On the drive home from school a few weeks ago, my middle son, at the time a first grader, said that from then on he wanted to be homeschooled.
My mind raced: Is he being bullied? Is he struggling to learn? What is happening that might make this otherwise happy kid want to be homeschooled?
As it turned out, it wasn’t that he didn’t want to go to his public school any more. He wanted to learn things that weren’t being taught in school: specifically, he was deeply curious about science. We came to the agreement that he’d keep going to regular school, but that we’d do some science experiments and learn some science at home.
This is the same boy who when I think about his education, it keeps me up at night. Not because I don’t trust his teachers or his school, but because I am concerned about what the coming years in school will look like for him.
This past year in my other job (teaching high school English to 12th graders) I had the opportunity to work with a young man who had spent his entire academic life with a label. Served by an IEP with all the best of intentions, this now-adult sat in his IEP meetings this year and articulated something that made my heart sink. He talked about how being part of the “IEP program” as he called it led him to assume that he was incapable of being successful. He described how he felt conditioned (his word, not mine) to wait for help because the message that he was not able to do it on his own and that he “needed help” was repeated loud and clear and often. Now possessing greater maturity, he was able to agree that everyone had the best intentions at heart, yet the collateral effect on him was that the “program” seemed to communicate to him that he was incapable. That became part of his identity. Rolled in with the other struggles he faced, a downward spiral ensued, and whether he would graduate from high school was in question almost to the very last minute. He did make it, though, and his reflections on his experience are shaping the way I think about my own son and what school can do for and to him.
My own son, the one interested in science and art and math, has struggled with reading from the get-go. He’s entering the second grade next year well below grade-level standards in reading. He has struggles with speech and articulation and has attended speech therapy. He avoids reading, in English at least, because it confuses and frustrates him (he is in a dual language program, and his Spanish literacy skills in reading and writing far exceed his English literacy skills). When he gets a little older, I anticipate we’ll be seeking advice about screening for learning disabilities, out of the best of intentions but now acutely aware of what being a part of the “IEP program” (as my former student called it) might communicate to him about himself and his own potential.
When I envision his future, I can’t help but picture those high school boys I’ve dealt with for thirteen years: those ones for whom school is a frustrating cycle of failures and for whom the result is a bulky behavior file. These are boys who get in trouble for not sitting still, who balk at hours and hours of testing, and who’d rather have their hands in a car engine or in a garden or on a paintbrush than a Common-Core-aligned reader.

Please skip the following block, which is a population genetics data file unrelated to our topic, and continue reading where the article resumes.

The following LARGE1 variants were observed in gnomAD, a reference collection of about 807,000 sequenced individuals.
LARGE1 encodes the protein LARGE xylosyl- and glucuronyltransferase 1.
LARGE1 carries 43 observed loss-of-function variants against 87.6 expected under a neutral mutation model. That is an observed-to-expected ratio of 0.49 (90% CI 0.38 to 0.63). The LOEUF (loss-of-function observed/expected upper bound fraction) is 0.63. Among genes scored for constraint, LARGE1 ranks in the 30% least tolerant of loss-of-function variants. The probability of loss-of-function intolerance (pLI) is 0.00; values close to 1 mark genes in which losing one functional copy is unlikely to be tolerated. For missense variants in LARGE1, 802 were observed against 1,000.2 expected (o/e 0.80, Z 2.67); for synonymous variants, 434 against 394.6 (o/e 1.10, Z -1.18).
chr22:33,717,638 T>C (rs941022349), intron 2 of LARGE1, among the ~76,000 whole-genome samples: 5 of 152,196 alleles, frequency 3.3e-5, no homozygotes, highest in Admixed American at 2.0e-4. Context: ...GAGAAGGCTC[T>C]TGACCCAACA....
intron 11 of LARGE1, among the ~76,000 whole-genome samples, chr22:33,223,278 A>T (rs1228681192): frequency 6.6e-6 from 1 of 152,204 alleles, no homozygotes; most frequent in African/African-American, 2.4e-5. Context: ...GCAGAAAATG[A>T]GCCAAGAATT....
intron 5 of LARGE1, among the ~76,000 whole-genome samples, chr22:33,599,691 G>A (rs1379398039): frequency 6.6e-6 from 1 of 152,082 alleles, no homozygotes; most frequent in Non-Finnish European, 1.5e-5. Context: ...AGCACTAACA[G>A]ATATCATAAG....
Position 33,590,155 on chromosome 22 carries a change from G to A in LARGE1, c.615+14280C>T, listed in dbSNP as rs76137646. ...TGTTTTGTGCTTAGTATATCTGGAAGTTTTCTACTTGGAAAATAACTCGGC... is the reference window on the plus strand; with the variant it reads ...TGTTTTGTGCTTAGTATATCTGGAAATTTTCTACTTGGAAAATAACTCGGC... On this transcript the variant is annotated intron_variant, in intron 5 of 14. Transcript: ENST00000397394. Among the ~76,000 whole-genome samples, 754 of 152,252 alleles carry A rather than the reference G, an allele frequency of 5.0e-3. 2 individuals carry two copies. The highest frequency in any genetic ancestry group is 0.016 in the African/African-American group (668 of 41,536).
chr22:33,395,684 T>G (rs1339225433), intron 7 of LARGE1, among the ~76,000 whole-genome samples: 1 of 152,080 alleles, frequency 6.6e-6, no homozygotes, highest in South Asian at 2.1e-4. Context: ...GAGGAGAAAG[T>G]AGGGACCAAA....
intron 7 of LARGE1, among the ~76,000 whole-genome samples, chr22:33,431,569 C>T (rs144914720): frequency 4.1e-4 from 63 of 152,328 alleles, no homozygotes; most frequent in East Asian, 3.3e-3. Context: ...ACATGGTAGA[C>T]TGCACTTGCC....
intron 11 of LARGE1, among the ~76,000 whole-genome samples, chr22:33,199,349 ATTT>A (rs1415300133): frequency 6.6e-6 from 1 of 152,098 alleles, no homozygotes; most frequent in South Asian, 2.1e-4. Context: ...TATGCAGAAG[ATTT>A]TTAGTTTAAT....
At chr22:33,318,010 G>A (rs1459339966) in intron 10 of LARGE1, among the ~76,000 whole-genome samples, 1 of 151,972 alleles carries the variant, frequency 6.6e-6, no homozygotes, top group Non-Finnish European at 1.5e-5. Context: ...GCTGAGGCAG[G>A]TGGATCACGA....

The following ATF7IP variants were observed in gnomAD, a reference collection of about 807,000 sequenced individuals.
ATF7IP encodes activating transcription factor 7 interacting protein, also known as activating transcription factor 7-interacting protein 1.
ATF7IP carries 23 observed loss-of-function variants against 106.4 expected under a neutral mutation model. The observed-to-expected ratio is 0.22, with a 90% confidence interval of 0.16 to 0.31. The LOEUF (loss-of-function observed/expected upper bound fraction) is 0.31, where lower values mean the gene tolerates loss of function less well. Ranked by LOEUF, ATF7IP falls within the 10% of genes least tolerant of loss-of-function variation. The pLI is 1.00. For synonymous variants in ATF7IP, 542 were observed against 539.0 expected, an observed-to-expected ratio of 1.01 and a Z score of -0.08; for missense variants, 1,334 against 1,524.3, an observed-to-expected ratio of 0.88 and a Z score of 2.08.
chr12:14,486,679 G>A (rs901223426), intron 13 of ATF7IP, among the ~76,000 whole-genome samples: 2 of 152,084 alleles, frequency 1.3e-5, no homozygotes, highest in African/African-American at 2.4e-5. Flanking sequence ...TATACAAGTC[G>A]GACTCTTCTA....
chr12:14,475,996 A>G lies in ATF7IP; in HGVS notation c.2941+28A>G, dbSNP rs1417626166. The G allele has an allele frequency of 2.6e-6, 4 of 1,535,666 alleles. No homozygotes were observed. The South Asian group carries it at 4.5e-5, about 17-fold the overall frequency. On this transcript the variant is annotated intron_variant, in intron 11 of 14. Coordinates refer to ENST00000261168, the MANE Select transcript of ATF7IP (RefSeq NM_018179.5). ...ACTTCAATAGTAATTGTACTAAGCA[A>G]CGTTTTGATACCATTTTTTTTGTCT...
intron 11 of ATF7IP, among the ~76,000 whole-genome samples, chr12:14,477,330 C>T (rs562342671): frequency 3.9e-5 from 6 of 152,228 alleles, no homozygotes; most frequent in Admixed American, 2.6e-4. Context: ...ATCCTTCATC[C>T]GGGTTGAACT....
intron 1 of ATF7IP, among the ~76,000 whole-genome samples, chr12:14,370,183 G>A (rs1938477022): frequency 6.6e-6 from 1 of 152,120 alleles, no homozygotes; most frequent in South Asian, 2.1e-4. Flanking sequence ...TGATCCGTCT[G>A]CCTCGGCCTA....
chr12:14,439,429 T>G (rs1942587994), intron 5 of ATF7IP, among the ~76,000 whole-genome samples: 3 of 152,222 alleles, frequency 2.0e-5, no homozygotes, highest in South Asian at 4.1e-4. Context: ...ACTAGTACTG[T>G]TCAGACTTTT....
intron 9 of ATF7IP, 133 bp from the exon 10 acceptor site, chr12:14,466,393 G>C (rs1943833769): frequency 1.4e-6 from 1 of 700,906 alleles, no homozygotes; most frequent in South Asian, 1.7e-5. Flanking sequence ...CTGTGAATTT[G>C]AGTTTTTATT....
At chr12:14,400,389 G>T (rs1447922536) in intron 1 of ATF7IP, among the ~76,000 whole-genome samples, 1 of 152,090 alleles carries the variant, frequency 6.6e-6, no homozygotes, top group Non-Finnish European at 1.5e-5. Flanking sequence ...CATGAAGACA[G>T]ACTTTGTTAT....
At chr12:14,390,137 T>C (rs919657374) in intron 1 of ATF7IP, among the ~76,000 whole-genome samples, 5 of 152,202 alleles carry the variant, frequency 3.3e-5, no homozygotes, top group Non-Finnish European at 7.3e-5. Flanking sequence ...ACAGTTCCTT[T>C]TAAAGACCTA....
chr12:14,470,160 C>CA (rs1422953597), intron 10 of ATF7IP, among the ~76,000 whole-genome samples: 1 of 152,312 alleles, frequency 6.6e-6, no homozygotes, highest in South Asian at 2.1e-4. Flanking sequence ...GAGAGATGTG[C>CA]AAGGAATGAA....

This son I’ve been writing about is the same kid who will sit and draw for hours, and when we do his science “homeschooling,” he stays engaged for what seems like eons for an almost-eight-year-old. This is the same kid who, when we work in the back yard, will pull weeds and shovel dirt until we force him to take a break. He has the patience to sit in a boat for hours waiting for fish to bite and the focus to build art projects out of our recycle bin with clear purpose and clever engineering. But if he continues reading below grade-level, what will his school experience end up looking like? Out of the best of intentions, heaps and piles more of the very things that frustrate him and remind him of his struggles. Out of the best of intentions, legal documents and labels that we adults in the room might assume he “won’t understand,” but that will mean more to him and his identity as a student than we probably realize.
That 12th grade student I mentioned above is a musician. This year he has found personal purpose in teaching music lessons to younger kids… and it is no coincidence (in my opinion) that when he started teaching music lessons, his attitude about himself as a student started to evolve. Certainly many factors were at play here, but I think a big part of it had to do with an identity shift. Maybe it was that no longer did he see himself as someone who can’t learn, but he realized that he is someone who can teach. To that point, his entire growing-up had been focused on remedying those things the data said he couldn’t do, at the dramatic expense of those things he could.
As a parent, I now realize that though there will be things that my son’s report card will tell me he can’t do, I need to remember to keep a focus on encouraging and cultivating those things he can do. As a teacher, I now realize that I sometimes inherit students who’ve been in a system focused only on fixing their can’ts, and it will serve all of us well if I pay good attention, however I can in my power, to cultivating their cans.